© Herald photo by Tyler Clarke
Meath Park area bus driver Albert Paradis is seen with the watch he was given in recognition of his 45 years of service to the Saskatchewan Rivers Public School Division. Although many others received service awards during the division’s annual Long Service and Retirement Recognition ceremony on Monday, Paradis served the longest.
In his 45 years of driving a school bus in the Meath Park/Albertville area, Albert Paradis always got the kids to school -- sometimes under dicey circumstances.
Around the time he first started, Paradis said that things weren’t as regulated as they are now.
“In those days you were all alone -- there were no radios, and if you got stuck you had to shovel your way out,” he said.
“I’d hit snowbanks as high as the hood about six feet deep, but I had a good bus that would hit them straight. If it hit them at 50 miles per hour you might get out of them at 10.”
A shovel and axe were his most valued tools during those days, during which he’d have to dig and hack his way through the ice in order to get the bus moving at times.
“It was an adventure, but we looked out for one another. If we were more than 20 minutes late I’d go and look for the last guy,” he said.
“We always brought the kids to school and nobody ever froze.”
On Monday, after clocking in more than 1.5 million miles for the Saskatchewan Rivers Public School Division, Paradis was recognized during the division’s annual Long Service and Retirement Recognition with a gold watch for his 45 years of service -- the longest-term award of the evening.
Although he said that the award meant a lot to him, the kids he drives to school have already thanked him.
“The kids have been very good to me,” he said after Monday’s award ceremony. “They even asked me to propose a toast at a Grade 12 graduation three years ago, and that really touched me.
“Two of my Grade 12s who have been on the bus for 13 years gave me a hug today.”
Looking back at his bus-driving career, Paradis said that he would have never believed 45 years ago that he’d still be at it today.
He was initially drawn to driving a bus out of necessity, he explained.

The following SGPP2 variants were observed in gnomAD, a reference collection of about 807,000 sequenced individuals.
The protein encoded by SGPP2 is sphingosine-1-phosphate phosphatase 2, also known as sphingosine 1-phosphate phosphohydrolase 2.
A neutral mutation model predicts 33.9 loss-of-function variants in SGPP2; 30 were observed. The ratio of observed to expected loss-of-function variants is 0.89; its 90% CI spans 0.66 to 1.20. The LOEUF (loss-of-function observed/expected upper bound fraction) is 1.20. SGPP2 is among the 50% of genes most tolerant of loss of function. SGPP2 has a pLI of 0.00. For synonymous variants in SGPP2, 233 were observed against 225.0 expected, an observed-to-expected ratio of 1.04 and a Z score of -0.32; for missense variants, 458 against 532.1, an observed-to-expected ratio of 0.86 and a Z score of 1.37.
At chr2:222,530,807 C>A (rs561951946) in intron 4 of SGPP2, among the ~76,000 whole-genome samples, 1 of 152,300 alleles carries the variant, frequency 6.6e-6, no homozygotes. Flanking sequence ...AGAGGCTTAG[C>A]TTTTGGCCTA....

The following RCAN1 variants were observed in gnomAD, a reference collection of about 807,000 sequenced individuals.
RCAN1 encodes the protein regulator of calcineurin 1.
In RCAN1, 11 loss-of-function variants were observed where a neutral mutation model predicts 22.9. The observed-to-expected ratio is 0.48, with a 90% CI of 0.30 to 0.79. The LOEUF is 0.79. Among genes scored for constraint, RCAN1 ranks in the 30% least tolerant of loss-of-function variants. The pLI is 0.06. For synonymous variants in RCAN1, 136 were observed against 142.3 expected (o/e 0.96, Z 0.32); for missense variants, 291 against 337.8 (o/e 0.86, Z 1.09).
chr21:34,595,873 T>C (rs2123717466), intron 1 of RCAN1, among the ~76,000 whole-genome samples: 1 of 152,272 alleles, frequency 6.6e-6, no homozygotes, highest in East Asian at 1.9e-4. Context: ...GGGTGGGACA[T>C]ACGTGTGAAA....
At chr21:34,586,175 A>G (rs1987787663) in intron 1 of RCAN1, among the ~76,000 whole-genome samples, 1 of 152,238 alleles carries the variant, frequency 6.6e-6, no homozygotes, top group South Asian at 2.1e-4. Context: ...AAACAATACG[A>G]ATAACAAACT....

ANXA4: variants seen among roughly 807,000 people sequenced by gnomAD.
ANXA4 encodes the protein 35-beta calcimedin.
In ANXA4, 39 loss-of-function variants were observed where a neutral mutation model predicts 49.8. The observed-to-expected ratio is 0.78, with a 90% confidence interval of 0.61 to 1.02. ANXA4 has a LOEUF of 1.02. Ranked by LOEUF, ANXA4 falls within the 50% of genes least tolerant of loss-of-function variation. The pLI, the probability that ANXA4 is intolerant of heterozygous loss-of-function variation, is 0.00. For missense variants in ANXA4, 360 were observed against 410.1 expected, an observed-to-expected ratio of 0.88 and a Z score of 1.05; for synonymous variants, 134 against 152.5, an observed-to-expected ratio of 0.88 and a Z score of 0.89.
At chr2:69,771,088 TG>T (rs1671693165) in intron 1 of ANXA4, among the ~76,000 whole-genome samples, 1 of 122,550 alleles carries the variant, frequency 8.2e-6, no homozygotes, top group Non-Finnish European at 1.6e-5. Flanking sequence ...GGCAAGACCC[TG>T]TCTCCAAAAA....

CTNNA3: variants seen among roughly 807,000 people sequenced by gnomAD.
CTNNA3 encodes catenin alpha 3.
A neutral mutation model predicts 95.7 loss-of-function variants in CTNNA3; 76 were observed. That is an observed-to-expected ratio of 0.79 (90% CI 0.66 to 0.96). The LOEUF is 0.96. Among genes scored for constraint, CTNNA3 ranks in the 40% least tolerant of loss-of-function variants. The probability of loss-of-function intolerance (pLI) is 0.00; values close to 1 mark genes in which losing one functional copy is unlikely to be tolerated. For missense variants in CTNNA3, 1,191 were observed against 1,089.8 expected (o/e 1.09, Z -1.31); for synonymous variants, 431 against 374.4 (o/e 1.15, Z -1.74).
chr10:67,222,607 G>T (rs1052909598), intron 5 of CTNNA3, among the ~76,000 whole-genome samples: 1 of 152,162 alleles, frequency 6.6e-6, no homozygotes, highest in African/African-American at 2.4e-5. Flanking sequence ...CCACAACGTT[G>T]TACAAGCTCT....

The Meath Park/Albertville area was short of drivers and it reached a point where parents would have to start driving their own kids to school if they didn’t find more drivers.
In those days you were all alone -- there were no radios, and if you got stuck you had to shovel your way out. Albert Paradis
“I might as well get paid to drive them rather than buy my own gas to drive my kids,” he reasoned.
A farmer by profession, Paradis said that a combination of great bus supervisors and kids have kept him behind the wheel ever since.
“I’ve always enjoyed kids,” he said, noting that for one particular family he’s driven three generations -- the grandmother, the mother and now the kids.
Paradis said that he plans on driving the bus for as long as he can.
“If I can beat what I’ve got on my lung right now -- I’m going for chemo -- my licence is good until the 22nd of June next year,” he said. “I hope to be able to do that.”
In addition to handing out various long-service awards, from 10 years to Paradis’ 45 years, Monday’s ceremony recognized 39 recent or upcoming retirements.
The annual event is a great opportunity to recognize the hard work and dedication of the division’s many staff members, director of education Robert Bratvold said prior to the event.
“We’ve got a tremendous group of staff -- great loyalty and dedication to providing kids with the best of education in whatever their role is, whether it’s an E.A., a bus driver, a teacher or a payroll person or whoever it is -- making sure that we provide a system that provides excellence for our kids,” he said.
“This is an opportunity to set aside and say we have some great staff who have done great things with us, so let’s honour them in their retirement.”